The feeling of watching a game live explains why you’re willing to pay 5x a ticket’s face value only to be crammed into a stadium with thousands of others and feast on overpriced beer and hotdogs. You also love the feeling of sitting at home watching the game on your 60” HD flat screen TV with the surround sound cranked so high that it rattles the pictures on your wall. 
Feelings always trump the feed.
Customers show up on your lot for a feeling. Sure they feed on the research, safety and reliability ratings, and best buying practices, but they show up because they want to feel the emotions of a new vehicle. Customers may not like the process of buying a vehicle, but they sure love the feeling of owning a new one. 
When a customer shows up to look a vehicle how do you make them feel?  Ordinary salespeople sell (or not) based on how they currently feel whereas sales professionals-regardless of how they’re feeling, depend on daily disciplines needed to bring about consistent results. 
As a sales professional, one of the disciplines required for consistent success is the ability to break everything a customer has been feeding on (I.e. research, gossip, & assumptions) and transform it into positive feelings. As a professional, you must positively connect to your customers by gaining a better understanding as to why they’re in the market, how they will be using their next vehicle, and then selectively present your vehicle based on their answers. Your primary focus is to prime your customer’s decision pump with positive feelings.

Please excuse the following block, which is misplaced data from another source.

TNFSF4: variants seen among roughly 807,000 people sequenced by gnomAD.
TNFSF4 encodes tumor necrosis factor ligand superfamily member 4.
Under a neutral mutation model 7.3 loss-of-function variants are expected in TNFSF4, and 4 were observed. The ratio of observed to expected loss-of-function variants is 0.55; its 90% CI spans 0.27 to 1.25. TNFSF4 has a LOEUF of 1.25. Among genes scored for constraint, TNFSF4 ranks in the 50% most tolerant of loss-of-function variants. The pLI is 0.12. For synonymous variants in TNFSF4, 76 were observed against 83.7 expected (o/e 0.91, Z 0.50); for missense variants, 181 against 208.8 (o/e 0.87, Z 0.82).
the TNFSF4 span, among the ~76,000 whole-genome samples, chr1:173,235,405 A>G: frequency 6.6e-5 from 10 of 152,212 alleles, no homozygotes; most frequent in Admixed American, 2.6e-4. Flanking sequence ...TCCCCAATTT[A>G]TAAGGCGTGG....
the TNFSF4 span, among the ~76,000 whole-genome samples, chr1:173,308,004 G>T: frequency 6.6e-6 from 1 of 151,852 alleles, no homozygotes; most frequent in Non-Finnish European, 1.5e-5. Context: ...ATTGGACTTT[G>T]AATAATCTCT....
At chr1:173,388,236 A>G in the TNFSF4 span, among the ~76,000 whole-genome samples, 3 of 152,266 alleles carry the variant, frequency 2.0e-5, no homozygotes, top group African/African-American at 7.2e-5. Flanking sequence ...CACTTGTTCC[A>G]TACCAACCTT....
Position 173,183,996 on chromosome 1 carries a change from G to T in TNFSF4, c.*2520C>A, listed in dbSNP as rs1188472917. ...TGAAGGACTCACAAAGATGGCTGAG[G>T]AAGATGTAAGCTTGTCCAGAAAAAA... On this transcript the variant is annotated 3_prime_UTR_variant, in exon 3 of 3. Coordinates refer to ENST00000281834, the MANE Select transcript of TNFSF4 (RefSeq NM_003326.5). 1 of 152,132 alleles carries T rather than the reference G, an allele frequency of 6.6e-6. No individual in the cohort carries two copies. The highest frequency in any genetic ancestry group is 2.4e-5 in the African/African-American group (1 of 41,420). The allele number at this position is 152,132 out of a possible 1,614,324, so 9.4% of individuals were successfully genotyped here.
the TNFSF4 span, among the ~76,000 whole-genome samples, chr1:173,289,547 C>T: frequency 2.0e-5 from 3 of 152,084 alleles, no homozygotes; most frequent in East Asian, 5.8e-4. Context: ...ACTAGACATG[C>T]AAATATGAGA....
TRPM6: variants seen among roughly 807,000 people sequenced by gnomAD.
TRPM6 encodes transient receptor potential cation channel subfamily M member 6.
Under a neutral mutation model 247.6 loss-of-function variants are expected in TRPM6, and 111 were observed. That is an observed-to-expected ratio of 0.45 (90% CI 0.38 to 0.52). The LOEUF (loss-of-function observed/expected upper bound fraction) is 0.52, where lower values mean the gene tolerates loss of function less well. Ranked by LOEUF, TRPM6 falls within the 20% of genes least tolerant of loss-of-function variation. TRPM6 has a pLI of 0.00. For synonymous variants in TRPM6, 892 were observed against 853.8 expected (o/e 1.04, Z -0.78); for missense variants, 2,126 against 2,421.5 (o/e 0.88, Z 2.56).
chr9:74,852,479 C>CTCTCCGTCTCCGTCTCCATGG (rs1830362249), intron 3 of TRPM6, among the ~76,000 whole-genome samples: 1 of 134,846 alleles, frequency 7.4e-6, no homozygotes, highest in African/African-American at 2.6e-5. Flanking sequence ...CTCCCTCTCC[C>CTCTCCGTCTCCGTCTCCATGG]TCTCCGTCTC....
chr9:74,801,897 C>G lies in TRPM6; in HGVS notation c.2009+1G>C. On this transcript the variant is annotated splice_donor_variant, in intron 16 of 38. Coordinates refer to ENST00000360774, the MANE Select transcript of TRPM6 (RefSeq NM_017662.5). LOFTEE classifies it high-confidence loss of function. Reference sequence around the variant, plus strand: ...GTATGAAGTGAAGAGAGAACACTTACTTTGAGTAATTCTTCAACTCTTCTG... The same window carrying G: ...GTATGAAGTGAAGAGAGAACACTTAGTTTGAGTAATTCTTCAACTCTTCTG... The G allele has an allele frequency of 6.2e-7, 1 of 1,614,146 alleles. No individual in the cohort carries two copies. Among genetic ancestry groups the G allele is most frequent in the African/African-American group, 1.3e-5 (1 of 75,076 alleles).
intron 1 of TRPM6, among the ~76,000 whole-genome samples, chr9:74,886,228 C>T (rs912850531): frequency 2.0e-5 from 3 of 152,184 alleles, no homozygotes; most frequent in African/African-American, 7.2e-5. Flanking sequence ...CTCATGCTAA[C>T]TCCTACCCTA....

Look, you have no control over what your customer ultimately decides, but you do have control over how you make them feel. If they feel good about you, the dealership, and the vehicle that you’ve helped them select, then they will feel good about the decision to stop shopping and buy from you. 
Make sure the feelings you manifest are bigger than the feed they originally walked in with. 
I’ll see you next time on the blacktop!

Ain’t got know time…

Posted: September 8, 2011 in Uncategorized
Tags: , , , , , ,

Benjamin Franklin once said, “He that is good for making excuses is seldom good for anything else.” We make excuses why we can’t squeeze another task into a day, especially when it comes to learning. We treat learning like we do exercising; we’ll get to it when we can. Eventually, a lack of learning, like exercising, will lead to the terminal illness of your career. It’s more effective to work out for 20 minutes, 5 days per week than it is to work out once for 9 hours straight. Sadly, when it comes to learning, we think we have to lock ourselves up in a room and cram for 9 hours straight instead of chunking it into small 20 minute daily sessions. There’s a difference in having no time versus know time. Knowing when and how to spend it will bring you more consistent results. Is it possible to have your cake and eat it too? Absolutely! It is possible to watch your favorite football game and squeeze in a few minutes of training-after all an average NFL football game is played in just 11 minutes!

Recently, The Wall Street Journal published an article breaking down an entire NFL broadcast game. Here are the results:

o   11 minutes of actual playing time

o   17 minutes of instant replays

o   67 minutes of players standing around

o      3 seconds of cheerleaders

o   60 minutes of commercials

Never fear, you won’t miss a single down, replay, booth review, nor sideline shot. Instead of sitting on the couch, like every other salesperson, being pitched by an hour’s worth of commercials, grab your smart phone, ipod, or journal and invest 1200 seconds into getting ahead in your career. Do what others won’t, so you can become what they’ll never be. By the way, your pizza is ready.